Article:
7/2/13 - eight-year-old wives

In today's selection -- isolated for thousands of years deep in the western Amazon rain forests is the small tribe of the Cinta Larga. Though their technology is primitive, the Cinta Larga are masters of hunting, fishing, and trailblazing, with an extraordinary ability to see, hear and smell game. Cinta Larga men will take women to be their wives when they are eight to ten years old, and if there are none eligible, will take a wife from a man who already has three or more -- or take one from a neighboring village. And if a Cinta Larga woman is unhappy in her marriage she can dissolve it -- or stay in it and take a lover:

"Each Cinta Larga village, which had one or two large houses that each held three to five families, was almost completely autonomous from the larger tribe, and everyone had its own chief. The chief had to exhibit strong leadership qualities, such as taking the initiative in building a house or clearing a garden, but he was not their commander in the traditional sense. The Cinta Larga would not allow their village chief to tell them how to live their lives. Instead, the chief's job was to oversee the tribal ceremonies -- an important role, because the Cinta Larga did not have a written language. Their only ceremonial guides were their own memories and the stories that they had heard their parents and grandparents tell.

"Not only did the chief not command the village as a whole, he did not have power over any family within it but his own. Each man was the chief of his own family, which consisted of as many wives as he could convince to marry him and as many children as his wives could bear. A Cinta Larga man usually chose a new wife as soon as his first wife began to age. Girls were considered to be ready for marriage when they were between eight and ten years old, and they often married their mother's brother. In such small communities, a young man ready to take his first wife often found that there were no eligible girls left in his village. He was then allowed to take a wife from a man who had three or more, or, failing that, he had to look for a wife in a neighboring village. It was not unusual for villages to trade women. The women, however, usually consented to the switch.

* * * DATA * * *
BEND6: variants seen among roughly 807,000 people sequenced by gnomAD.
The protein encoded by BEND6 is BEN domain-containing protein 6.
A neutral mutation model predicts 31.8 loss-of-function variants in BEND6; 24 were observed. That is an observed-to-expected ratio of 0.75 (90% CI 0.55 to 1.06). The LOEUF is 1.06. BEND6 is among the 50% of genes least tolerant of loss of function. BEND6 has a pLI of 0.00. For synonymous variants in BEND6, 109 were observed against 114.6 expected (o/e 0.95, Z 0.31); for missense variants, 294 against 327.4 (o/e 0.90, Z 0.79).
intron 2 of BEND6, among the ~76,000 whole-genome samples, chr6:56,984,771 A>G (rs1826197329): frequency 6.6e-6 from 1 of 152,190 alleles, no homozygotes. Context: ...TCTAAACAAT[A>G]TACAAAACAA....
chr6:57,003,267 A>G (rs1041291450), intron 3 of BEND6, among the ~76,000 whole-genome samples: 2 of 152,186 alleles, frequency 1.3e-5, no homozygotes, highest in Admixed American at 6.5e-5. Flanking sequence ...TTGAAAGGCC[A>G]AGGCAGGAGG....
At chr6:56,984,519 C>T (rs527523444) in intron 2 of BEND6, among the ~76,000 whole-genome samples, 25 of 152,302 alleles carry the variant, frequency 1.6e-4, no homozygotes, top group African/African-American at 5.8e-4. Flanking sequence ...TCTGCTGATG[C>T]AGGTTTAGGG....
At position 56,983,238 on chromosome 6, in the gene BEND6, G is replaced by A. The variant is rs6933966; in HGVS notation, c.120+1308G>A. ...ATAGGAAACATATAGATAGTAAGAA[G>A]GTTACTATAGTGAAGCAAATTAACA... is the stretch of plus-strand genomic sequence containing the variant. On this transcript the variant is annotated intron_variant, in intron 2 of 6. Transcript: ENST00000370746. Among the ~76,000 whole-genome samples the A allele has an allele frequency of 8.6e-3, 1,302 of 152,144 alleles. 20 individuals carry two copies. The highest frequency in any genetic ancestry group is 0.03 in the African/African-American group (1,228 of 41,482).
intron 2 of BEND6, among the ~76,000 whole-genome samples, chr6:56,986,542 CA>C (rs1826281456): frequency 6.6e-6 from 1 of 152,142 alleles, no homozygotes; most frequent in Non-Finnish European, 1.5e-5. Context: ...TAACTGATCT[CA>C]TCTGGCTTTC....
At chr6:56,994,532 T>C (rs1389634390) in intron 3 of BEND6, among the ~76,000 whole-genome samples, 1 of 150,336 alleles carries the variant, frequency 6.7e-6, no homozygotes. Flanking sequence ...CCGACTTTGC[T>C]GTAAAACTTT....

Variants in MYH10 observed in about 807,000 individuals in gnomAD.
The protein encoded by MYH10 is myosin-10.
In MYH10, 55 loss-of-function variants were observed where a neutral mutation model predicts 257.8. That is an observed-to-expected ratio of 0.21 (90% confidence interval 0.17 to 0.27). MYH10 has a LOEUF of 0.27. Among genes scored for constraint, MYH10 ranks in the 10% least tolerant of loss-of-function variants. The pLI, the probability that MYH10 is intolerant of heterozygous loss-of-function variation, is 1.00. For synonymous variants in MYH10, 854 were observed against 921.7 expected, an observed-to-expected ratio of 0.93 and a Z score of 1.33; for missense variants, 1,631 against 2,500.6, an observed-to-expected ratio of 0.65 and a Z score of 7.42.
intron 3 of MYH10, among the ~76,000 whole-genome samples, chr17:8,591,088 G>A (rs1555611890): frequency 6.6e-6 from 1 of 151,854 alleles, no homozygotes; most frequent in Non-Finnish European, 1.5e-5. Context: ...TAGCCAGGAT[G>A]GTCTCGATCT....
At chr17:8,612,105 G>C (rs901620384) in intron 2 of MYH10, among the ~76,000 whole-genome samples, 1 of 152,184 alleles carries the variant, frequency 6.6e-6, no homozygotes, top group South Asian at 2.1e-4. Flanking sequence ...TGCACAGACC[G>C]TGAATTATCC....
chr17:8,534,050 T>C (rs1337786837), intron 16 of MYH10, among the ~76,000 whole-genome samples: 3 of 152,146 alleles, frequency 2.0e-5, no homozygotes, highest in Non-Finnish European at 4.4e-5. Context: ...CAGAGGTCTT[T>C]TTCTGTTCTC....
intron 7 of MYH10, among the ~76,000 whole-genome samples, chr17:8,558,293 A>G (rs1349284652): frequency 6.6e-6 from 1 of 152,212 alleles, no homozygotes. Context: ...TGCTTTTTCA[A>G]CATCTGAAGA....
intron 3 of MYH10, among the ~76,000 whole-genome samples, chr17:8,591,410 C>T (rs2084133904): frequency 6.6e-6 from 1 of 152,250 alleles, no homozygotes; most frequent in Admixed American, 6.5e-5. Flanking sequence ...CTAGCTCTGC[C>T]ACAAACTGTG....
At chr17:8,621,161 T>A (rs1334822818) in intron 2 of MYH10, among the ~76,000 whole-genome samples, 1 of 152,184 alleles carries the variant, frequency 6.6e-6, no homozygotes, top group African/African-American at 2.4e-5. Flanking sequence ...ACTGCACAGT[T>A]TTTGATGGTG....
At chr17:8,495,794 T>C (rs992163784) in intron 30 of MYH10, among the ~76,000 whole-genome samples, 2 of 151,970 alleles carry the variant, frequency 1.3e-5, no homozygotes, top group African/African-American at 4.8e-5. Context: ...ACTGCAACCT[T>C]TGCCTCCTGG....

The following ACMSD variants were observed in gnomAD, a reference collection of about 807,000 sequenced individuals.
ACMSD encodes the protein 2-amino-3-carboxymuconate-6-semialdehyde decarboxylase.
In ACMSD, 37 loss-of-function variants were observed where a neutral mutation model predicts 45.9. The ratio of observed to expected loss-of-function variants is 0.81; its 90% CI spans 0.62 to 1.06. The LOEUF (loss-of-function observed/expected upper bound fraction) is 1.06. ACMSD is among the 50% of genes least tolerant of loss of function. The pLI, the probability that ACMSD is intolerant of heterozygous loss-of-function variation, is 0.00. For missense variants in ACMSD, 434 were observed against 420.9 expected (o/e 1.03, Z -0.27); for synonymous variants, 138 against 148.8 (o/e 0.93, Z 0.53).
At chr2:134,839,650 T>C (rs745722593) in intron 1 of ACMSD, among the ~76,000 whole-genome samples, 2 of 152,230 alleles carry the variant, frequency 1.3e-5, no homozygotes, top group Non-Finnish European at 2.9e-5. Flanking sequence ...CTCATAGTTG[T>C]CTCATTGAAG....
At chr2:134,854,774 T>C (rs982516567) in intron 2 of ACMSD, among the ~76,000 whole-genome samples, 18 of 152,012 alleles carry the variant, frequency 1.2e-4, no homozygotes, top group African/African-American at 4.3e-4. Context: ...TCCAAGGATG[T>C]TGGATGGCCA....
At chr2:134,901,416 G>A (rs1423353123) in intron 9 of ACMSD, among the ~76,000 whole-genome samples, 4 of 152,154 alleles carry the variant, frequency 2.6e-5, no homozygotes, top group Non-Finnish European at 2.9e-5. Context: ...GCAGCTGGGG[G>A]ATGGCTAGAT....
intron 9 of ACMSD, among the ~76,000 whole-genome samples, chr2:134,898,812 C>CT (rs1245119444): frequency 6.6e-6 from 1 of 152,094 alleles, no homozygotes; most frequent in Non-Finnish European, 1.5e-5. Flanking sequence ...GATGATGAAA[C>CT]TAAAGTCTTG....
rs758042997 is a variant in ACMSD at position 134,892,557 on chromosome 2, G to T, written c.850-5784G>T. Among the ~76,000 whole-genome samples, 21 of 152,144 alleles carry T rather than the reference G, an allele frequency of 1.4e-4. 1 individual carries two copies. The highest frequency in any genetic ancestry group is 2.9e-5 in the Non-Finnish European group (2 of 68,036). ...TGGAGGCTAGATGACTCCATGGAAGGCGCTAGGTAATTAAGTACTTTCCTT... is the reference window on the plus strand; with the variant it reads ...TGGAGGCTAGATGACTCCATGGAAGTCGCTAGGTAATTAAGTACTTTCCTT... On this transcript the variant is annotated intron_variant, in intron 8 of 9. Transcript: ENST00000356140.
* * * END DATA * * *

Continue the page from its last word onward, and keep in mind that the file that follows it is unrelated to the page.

"Like women in most early cultures, the Cinta Larga women did not have a voice in tribal or even family decisions. However, the Indian women did have a surprising amount of control over their own lives. For instance, if a Cinta Larga woman was unsatisfied in her marriage, she was free to do something about it. She could dissolve the marriage. She could marry another man. Or she could even stay with her husband and take a lover. In such circumstances, a husband would usually look the other way, unless he became the object of derision within his village.

"As important as children were to the future of a village, they were far from coddled, and they were expected to take on the role of an adult by the time they turned twelve years old. Also, although the Indians lived together in one or two large huts, they did not appear to feel any particular responsibility for anyone outside their own immediate family. Each family had its own corner of the hut and its own fire, and when a man had been out hunting and returned with game, his neighbors rarely benefited from his good fortune. The hunter ate first, then his wives, children, and other relatives -- in that order."


Candice Millard


The River of Doubt: Theordore Roosevelt's Darkest Journey


Anchor Books a division of Random House


Copyright 2005 by Candice Millard


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